Monday, November 03, 2008

Nam's Village's Not-Soup

Helen and Jessica meet me at Nam's bike this morning, still gushing about 6E's Halloween victory. On the way up the stairs, Helen asks, "What we do today?" and I say, "We go back to learning." About ten minutes later, I look up to see this:

And when I go to get copies on the first floor, I see this:


Remnants of Halloween linger. It's hard to switch to "The Nile is the longest river in the world." Everything feels off. I'm not really prepared today. I didn't feel like doing anything after those spring rolls last night.
To make things worse, after school is my Vietnamese lesson with Phouc, and I dread these. I like her, but I am a terrible language student. After school I just want to go home, the work day here is so long. But she has been meeting me at school on Mondays and Wednesdays from 4:00 to 5:00 and I watch the clock the entire time while I try to mimic the hardest language in the world...tones, accents, it's really really difficult.
So I think about how to cheer myself up. I ask Phouc how to ask Nam to take me to his Number One Soup Place. She is fascinated that my driver is involved in my food life. "He takes you places to eat? Really?"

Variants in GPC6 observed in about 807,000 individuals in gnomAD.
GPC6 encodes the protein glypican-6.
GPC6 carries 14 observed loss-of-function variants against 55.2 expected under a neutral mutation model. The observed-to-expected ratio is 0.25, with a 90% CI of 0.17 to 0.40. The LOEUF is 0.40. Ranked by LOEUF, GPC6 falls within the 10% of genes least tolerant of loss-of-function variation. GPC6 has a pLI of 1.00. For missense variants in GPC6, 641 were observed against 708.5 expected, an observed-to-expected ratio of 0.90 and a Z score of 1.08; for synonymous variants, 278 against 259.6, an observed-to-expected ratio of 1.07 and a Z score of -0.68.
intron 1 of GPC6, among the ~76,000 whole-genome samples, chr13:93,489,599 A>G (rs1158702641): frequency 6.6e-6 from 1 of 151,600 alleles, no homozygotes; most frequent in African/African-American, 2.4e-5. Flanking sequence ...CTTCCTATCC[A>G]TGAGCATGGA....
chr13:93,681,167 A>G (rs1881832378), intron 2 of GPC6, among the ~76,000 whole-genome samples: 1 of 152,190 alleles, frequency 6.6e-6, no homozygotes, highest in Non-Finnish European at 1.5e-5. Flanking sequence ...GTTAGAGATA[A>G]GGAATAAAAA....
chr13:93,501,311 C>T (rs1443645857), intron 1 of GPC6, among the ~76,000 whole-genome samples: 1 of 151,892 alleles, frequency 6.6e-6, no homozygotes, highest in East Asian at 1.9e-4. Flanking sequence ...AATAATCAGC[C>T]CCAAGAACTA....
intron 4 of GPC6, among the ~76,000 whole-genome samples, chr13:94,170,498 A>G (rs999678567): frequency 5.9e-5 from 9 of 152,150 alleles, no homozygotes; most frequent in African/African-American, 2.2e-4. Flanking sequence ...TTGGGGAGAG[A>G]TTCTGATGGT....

"Yes. And this morning he gave me an apple and a persimmon."
"Really?"
She writes down my request, and I try to say it to Nam outside but he can't understand my pronunciation at all, so I show him the note. Another belly laugh - the deepest one yet.
"You want my Number One Soup?" I think he says. I nod. Another belly laugh.
He drives with more purpose (we actually have a few close calls because, I think, he is so distracted) and all the way home, he makes me repeat the name of the soup, which, he says, is not "soup."
"Hu Tieu My. Hu Tieu My. Hu Tieu My." Only one out of ten times do I even come close to getting it right. He waves his hand like "so so."
"I will go to your house first and then drive you there so you will know how to walk there on your own," I think he says.
When we get to his spot in his village, the place is full, and everyone knows Nam, of course. His nephew is there, but he is trying to avoid Nam (do you blame him)? There is a girl with him, and Nam nudges me and tells me it's his girlfriend. Wouldn't you know, your embarrassing uncle shows up with his strange motorbike client, the one you are always having to translate things for, mostly about food, during your (not) soup date after school.
Nam, again, negotiates my food for me. He places the order and says he is getting me two different kinds of noodles, and I should go and have a seat at one of the plastic tables, he will bring it to me. I sit down on a little red chair and two of Nam's Hu Tieu My Buddies begin to ask me questions -- one woman speaks pretty clear English, but the man sitting at the shelfish station...I can't understand a word he says. The woman's daughter lives in Illinois. Here, look, this is her (a picture that has been ripped in half, signifying divorce??) and these are her children. "I can sing many American songs," she says, and she begins to sing Aaron Neville's "My Love."
The man is telling me to tie my hair back, I think. He hands me a rubber band.